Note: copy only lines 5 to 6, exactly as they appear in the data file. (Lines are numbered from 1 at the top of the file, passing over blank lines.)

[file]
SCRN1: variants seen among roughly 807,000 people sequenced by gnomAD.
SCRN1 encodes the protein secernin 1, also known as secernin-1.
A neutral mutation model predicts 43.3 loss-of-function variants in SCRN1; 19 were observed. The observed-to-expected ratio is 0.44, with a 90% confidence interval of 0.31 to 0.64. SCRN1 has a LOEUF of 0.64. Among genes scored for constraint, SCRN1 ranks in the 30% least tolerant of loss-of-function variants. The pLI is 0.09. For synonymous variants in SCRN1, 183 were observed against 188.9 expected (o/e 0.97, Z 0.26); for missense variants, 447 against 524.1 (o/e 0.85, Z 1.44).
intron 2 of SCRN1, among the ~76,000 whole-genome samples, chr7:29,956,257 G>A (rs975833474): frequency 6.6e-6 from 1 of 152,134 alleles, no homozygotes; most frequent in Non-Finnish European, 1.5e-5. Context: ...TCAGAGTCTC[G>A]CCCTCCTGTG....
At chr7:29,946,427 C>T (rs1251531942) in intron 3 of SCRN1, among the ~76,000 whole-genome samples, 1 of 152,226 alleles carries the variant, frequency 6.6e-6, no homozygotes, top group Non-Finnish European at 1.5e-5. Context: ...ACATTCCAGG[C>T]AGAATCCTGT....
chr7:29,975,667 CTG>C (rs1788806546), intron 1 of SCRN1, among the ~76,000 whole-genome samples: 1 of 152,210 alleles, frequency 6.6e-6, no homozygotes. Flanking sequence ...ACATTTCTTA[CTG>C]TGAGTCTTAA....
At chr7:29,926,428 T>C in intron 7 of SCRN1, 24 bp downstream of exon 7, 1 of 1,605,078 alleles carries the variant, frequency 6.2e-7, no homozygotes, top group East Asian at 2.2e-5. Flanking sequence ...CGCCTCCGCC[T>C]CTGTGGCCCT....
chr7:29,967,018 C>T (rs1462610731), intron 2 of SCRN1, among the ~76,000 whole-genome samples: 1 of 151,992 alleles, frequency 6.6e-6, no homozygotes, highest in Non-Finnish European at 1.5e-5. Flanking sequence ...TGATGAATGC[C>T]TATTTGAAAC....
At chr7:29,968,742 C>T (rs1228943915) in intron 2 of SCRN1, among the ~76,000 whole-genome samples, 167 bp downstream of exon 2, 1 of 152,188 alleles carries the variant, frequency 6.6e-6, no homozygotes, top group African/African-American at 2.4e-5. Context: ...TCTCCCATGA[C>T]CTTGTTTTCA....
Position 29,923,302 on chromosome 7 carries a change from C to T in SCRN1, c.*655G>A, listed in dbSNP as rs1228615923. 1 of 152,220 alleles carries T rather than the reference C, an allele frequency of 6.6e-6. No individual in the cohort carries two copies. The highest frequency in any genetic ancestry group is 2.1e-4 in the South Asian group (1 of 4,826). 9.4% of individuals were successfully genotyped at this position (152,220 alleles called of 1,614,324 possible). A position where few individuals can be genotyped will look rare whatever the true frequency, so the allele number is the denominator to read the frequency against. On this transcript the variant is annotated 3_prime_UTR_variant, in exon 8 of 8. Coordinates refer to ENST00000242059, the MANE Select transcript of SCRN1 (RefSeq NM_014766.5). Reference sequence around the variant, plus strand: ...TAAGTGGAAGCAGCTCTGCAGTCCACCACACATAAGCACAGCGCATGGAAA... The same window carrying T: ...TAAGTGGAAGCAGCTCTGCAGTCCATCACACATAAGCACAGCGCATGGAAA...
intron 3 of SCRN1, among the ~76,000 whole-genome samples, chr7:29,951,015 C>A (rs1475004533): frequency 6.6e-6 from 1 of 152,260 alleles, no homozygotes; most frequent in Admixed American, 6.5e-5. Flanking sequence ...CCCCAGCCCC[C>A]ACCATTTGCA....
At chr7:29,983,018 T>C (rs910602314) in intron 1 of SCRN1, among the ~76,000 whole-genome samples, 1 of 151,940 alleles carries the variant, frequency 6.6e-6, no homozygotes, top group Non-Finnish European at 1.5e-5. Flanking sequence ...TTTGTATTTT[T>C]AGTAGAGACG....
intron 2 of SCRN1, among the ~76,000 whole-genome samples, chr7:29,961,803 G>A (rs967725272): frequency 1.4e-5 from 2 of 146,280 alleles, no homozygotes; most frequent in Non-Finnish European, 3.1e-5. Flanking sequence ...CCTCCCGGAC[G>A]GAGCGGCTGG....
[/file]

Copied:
At chr7:29,946,427 C>T (rs1251531942) in intron 3 of SCRN1, among the ~76,000 whole-genome samples, 1 of 152,226 alleles carries the variant, frequency 6.6e-6, no homozygotes, top group Non-Finnish European at 1.5e-5. Context: ...ACATTCCAGG[C>T]AGAATCCTGT....
chr7:29,975,667 CTG>C (rs1788806546), intron 1 of SCRN1, among the ~76,000 whole-genome samples: 1 of 152,210 alleles, frequency 6.6e-6, no homozygotes. Flanking sequence ...ACATTTCTTA[CTG>C]TGAGTCTTAA....